I am trying to solve the problem for a long time but still didn't get any idea how to solve it. It would be great if you help me to solve it. Problem Link : https://vjudge.net/contest/332542#problem/A

Since the contest is ended that's why I share the vjudge link because I think everyone has not a light oj id and this problem is from light online judge(loj). Thanks in advance :) sorry for my poor english. :)

Hint 1Firstly, note that if $$$k \gt n$$$, then by

Pigeon Hole Principle, atleast two Rooks will be attacking, thus $$$ans = 0$$$.Hint 2Break down the problem into choosing $$$k$$$ distinct rows and $$$k$$$ distinct columns. Then you have

rows — $$$r_{1}, r_{2}, ....., r_{k}$$$ and

columns — $$$c_{1}, c_{2}, ...., c_{k}$$$.

Then, you say that, first Rook is at $$$(r_{1}, c_{1})$$$, second Rook is at $$$(r_{2},c_{2})$$$, .... and so on. In general, $$$i^{th}$$$ Rook is at $$$(r_{i}, c_{i})$$$, for each $$$i \in [1,k]$$$.

Hint 3Total ways of selecting k distinct rows is $$$C(n,k)$$$. And total ways of selecting k distinct columns is $$$C(n,k)$$$. Also, finally, we have not counted permuting the selected rows and columns. So we must multiply another $$$k!$$$.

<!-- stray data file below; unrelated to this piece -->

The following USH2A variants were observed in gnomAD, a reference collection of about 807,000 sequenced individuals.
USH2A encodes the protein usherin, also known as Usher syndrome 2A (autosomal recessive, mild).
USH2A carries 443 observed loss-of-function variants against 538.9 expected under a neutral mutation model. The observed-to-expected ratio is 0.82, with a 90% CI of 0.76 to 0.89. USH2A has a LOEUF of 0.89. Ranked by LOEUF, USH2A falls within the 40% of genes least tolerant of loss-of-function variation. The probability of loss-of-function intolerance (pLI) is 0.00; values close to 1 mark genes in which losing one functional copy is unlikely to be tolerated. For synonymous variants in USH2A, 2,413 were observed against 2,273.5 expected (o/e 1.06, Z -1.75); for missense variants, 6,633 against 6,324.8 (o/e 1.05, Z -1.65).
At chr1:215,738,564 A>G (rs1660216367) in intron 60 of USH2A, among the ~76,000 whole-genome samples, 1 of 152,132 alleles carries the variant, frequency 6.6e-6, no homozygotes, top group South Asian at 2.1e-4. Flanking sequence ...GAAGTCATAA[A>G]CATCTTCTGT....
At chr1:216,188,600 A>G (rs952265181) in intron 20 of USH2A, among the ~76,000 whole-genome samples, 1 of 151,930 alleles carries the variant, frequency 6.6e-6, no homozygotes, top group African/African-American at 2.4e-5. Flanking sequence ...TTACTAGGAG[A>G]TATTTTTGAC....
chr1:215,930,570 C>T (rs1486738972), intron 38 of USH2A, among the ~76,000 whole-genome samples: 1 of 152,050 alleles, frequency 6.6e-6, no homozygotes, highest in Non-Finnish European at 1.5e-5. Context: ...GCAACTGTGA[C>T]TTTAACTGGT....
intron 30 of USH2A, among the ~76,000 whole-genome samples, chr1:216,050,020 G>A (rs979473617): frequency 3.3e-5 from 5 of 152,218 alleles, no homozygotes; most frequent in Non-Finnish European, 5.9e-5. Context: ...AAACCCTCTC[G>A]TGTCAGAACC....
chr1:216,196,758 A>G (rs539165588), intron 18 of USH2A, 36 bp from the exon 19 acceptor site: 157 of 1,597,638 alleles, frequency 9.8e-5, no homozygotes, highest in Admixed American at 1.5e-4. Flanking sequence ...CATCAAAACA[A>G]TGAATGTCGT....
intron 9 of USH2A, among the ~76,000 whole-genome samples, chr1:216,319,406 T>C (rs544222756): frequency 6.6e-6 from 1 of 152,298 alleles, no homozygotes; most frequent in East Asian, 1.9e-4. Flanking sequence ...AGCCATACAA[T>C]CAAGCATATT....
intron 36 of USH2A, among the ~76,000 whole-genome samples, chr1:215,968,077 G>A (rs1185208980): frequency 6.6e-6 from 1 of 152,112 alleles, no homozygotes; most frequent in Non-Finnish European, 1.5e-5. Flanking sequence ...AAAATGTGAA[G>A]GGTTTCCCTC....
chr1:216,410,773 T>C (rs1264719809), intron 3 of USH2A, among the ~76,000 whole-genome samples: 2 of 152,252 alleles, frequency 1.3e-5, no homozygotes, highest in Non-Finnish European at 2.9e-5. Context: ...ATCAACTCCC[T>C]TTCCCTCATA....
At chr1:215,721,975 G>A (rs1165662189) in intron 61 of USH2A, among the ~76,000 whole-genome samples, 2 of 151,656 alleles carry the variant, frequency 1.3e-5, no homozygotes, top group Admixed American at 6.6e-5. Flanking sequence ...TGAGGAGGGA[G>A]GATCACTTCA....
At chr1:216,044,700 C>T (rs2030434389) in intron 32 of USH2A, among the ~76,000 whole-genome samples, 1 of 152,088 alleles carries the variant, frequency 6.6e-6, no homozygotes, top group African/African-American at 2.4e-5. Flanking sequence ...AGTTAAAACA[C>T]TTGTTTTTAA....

NOTE: Not $$$(k!)^2$$$ because, permuting both rows and columns means overcounting.Thanks a lot man :) Can you explain a bit about hint-3? Using an example would be better.

Let's work through an example. Consider $$$n = 10$$$, $$$k = 3$$$.

Then, first choose three rows, let's call them $$$r_1, r_2, r_3$$$. Ofcourse, we have $$$1 \le r_1, r_2, r_3 \le 10$$$.

Similiarly, choose three columns, say $$$c_1, c_2, c_3$$$. Again, $$$1 \le c_1, c_2, c_3 \le 10$$$.

So far, number of ways are — $$$C(10,3)$$$ ( for choosing $$$3$$$ rows )

AND$$$C(10,3)$$$ ( for choosing $$$3$$$ columns ). So, for now, $$$ans = C(10,3)*C(10,3)$$$.But we see that, we have $$$6$$$ configurations ( notice $$$6 = 3!$$$ ) for placing Rooks, when we have these $$$x$$$ and $$$y$$$ co-ordinates.

These configurations are:

1) $$$(r_1,c_1)$$$,$$$(r_2,c_2)$$$,$$$(r_3,c_3)$$$.

2) $$$(r_1,c_1)$$$,$$$(r_2,c_3)$$$,$$$(r_3,c_2)$$$.

3) $$$(r_1,c_2)$$$,$$$(r_2,c_1)$$$,$$$(r_3,c_3)$$$.

4) $$$(r_1,c_2)$$$,$$$(r_2,c_3)$$$,$$$(r_3,c_1)$$$.

5) $$$(r_1,c_3)$$$,$$$(r_2,c_1)$$$,$$$(r_3,c_2)$$$.

6) $$$(r_1,c_3)$$$,$$$(r_2,c_2)$$$,$$$(r_3,c_1)$$$.

So, final answer should be $$$C(10,3)*C(10,3)*3!$$$.

In, general, we have $$$C(n,k)*C(n,k)*k!$$$.

Thanks a ton man :) understood.